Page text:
In a sports culture where the demands for immediate satisfaction often result in knee-jerk negative reaction, it’s easy to blame everything that’s wrong with the Houston Texans on struggling quarterback Brock Osweiler.
But as much as this might come as a surprise, there’s more to the Texans’ problems than just Osweiler’s inability to complete a pass down the field.
The Texans were convinced Osweiler was the $72-million answer to the most important position after quarterback Brian Hoyer self destructed with 4 interceptions and a lost fumble in a 30-0 AFC Wild Card playoff loss at home to the Kansas City Chiefs on Jan. 9.
Hoyer departed in free agency. Osweiler got paid. Problem solved? Not so fast.
Texans head coach Bill O’Brien, formerly New England’s offensive coordinator, was conscious of his franchise’s need to minimize turnovers in moving forward. But sometimes that area of emphasis can be a detriment, which partly explains Osweiler’s hesitancy to take chances with longer passes and the quarterback constantly settling for safe checkdown throws.
Osweiler continued this maddening trend in a 27-9 loss at Denver on Monday night as he averaged just 3.2 yards on 41 pass attempts against one of the NFL’s best defenses. It’s the third-lowest yard average per pass for at least 40 passes attempted in the modern era, according to NFL Research.
While the passer shoulders a deserved amount of the blame for not flourishing in an offense with Pro Bowl wide receiver DeAndre Hopkins and emerging rookie wideout Will Fuller, Osweiler seems hamstrung as much by a conservative approach as his inaccuracy.
Better passers have had similar issues in a turnover-conscious offense.
Hall of Fame head coach Tony Dungy became convinced that part of the Indianapolis Colts’ problem when facing the Patriots in the playoffs was a propensity for turnovers. Quarterback Peyton Manning was intercepted four times in a 24-14 AFC Championship Game loss at New England in 2004. Dungy continued to preach that more football games are lost than won because of self-inflicted mistakes.
The Colts returned to Gillette Stadium the next January with a game plan predicated on not beating themselves. Manning was conscious about not taking risky throws. A conservative offense that didn’t take enough chances fell flat in a 20-3 AFC Divisional playoff loss.
Two postseasons later, Dungy’s Colts finally proved they had learned from past mistakes. Manning led them back from a 21-3 deficit to a 38-34 triumph against the Patriots in the AFC Championship Game. The Colts then defeated the Chicago Bears to win Super Bowl XLI.
As the Colts eventually realized, and the Texans are still trying to figure out, an offense must take its shots to achieve greatness.
Granted, Osweiler isn’t Manning. When together in Denver last year, they had the NFL’s best defense to rely upon. Osweiler had started just seven games before arriving in Houston, too, so he’s still learning what it’s like to be a franchise quarterback. As the Colts’ previous situation reminds, this takes time; typically years.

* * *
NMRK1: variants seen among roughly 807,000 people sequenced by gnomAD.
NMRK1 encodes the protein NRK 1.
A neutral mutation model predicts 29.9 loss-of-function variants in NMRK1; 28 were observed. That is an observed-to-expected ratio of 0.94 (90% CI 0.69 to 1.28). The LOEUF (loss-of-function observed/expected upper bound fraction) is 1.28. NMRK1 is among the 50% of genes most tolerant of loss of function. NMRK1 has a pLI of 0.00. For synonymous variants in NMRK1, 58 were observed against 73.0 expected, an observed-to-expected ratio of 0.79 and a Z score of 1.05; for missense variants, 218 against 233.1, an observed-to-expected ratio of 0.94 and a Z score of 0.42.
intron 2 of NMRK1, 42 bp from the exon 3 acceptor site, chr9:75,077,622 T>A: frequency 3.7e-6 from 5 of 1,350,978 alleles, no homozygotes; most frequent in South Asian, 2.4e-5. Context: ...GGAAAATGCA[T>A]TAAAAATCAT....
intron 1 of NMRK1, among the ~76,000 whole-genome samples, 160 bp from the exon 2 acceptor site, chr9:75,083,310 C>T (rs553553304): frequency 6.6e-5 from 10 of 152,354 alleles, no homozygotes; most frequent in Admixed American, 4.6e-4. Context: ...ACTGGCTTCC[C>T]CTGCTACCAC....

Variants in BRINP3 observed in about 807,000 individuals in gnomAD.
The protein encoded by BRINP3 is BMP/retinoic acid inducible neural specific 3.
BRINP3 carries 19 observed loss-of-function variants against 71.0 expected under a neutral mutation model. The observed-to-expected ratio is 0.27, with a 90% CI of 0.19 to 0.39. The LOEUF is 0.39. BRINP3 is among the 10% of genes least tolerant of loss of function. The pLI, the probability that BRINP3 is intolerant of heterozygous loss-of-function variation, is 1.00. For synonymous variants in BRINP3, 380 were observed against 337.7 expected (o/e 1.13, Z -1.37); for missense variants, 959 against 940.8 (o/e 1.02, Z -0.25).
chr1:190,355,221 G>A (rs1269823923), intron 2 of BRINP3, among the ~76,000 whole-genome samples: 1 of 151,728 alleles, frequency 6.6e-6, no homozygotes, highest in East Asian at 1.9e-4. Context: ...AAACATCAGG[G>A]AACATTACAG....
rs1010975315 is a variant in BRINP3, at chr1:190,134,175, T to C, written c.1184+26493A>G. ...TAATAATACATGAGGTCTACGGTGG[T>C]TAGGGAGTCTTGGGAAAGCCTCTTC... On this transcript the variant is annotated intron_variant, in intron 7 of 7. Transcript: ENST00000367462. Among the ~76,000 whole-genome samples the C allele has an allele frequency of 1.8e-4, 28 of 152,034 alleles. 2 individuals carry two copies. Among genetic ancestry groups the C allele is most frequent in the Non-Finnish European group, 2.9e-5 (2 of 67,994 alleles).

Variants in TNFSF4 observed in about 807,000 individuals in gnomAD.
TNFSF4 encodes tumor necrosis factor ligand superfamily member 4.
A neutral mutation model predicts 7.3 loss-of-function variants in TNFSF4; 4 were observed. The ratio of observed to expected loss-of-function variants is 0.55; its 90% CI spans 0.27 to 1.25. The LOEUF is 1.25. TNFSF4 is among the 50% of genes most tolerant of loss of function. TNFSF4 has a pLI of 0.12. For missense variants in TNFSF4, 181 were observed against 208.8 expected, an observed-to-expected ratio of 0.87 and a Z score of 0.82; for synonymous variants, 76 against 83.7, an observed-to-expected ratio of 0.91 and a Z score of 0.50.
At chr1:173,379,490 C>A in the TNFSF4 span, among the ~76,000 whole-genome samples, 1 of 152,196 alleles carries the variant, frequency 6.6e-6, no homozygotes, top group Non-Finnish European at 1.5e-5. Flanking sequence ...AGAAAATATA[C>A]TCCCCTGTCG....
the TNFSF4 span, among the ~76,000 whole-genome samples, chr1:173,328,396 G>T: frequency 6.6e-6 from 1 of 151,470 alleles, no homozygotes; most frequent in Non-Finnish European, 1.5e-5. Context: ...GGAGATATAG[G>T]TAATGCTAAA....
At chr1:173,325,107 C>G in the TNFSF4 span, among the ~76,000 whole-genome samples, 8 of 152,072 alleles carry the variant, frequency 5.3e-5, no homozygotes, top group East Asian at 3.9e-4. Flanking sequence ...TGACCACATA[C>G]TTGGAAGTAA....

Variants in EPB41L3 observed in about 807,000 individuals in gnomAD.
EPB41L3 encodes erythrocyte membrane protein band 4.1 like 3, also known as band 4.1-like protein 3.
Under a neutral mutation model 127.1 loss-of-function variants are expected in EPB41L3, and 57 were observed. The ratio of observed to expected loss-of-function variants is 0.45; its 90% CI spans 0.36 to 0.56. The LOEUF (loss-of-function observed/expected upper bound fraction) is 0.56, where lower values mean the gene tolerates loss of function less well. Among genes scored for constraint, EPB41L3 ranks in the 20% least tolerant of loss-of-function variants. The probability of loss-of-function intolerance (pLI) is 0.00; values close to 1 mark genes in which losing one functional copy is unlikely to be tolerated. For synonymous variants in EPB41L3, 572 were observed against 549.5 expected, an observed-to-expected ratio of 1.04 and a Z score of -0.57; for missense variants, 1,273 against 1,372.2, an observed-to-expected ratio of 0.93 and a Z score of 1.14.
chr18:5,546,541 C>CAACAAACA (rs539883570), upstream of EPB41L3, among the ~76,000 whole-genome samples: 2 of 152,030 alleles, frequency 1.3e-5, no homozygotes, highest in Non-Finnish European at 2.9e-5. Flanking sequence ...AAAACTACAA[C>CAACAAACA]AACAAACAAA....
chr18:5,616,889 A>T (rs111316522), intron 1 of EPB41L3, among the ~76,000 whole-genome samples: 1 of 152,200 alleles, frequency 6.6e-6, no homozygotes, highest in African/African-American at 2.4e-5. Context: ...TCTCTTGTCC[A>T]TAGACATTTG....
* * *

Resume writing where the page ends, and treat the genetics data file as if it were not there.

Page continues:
The Texans (4-3) still sit atop the lowly AFC South Division, 1 game ahead of the Colts and Tennessee Titans. As a 26-23 overtime win against the Colts showed two weeks ago, Osweiler can make clutch plays when needed. The Texans rallied from a 23-9 deficit in the final 3 minutes as Osweiler threw 2 touchdown passes to force overtime, then drove his team to the game-winning field goal.
Osweiler must get on the same page with his talented receivers, the Texans should rely upon a solid run game with Lamar Miller (581 rushing yards) to achieve offensive balance and the coaches need to devise game plans that encourage the young passer to take more chances down the field.
That’s not easy to do against the Broncos. But against most other opponents, especially those in the AFC South, the Texans should still be able to succeed.
A defense without injured Pro Bowl star J.J. Watt, a three-time NFL Defensive Player of the Year, isn’t the same, but still capable. The Texans have had issues stopping the run but can still get after passers and play solid pass defense.
The other side of the equation is playing complementary football, another philosophy Dungy liked to preach. An offense that scores points — the Texans are tied for the fewest touchdowns with just 10 — gains a lead and allows the defense to get after opponents playing catch-up.
The Texans have proven they can win at home with victories against Chicago, Kansas City, Tennessee and Indianapolis. They’ve struggled mightily in three road losses to solid defenses: 27-0 at New England, 31-13 at Minnesota and 27-9 at Denver. Most quarterbacks will have rough days on the road against the Patriots (6-1), Vikings (5-1) and Broncos (5-2).
The key to Houston’s season is adjusting the offense to help Osweiler become comfortable, so he can prove himself capable of making the necessary throws to score more points. The Texans’ remaining schedule is kind; just three opponents have winning records, beginning with Detroit (4-3) visiting Houston’s NRG Stadium on Sunday.
As much as the situation appears bleak today, there’s still time for the Texans, Osweiler and the coaching staff to sort this out.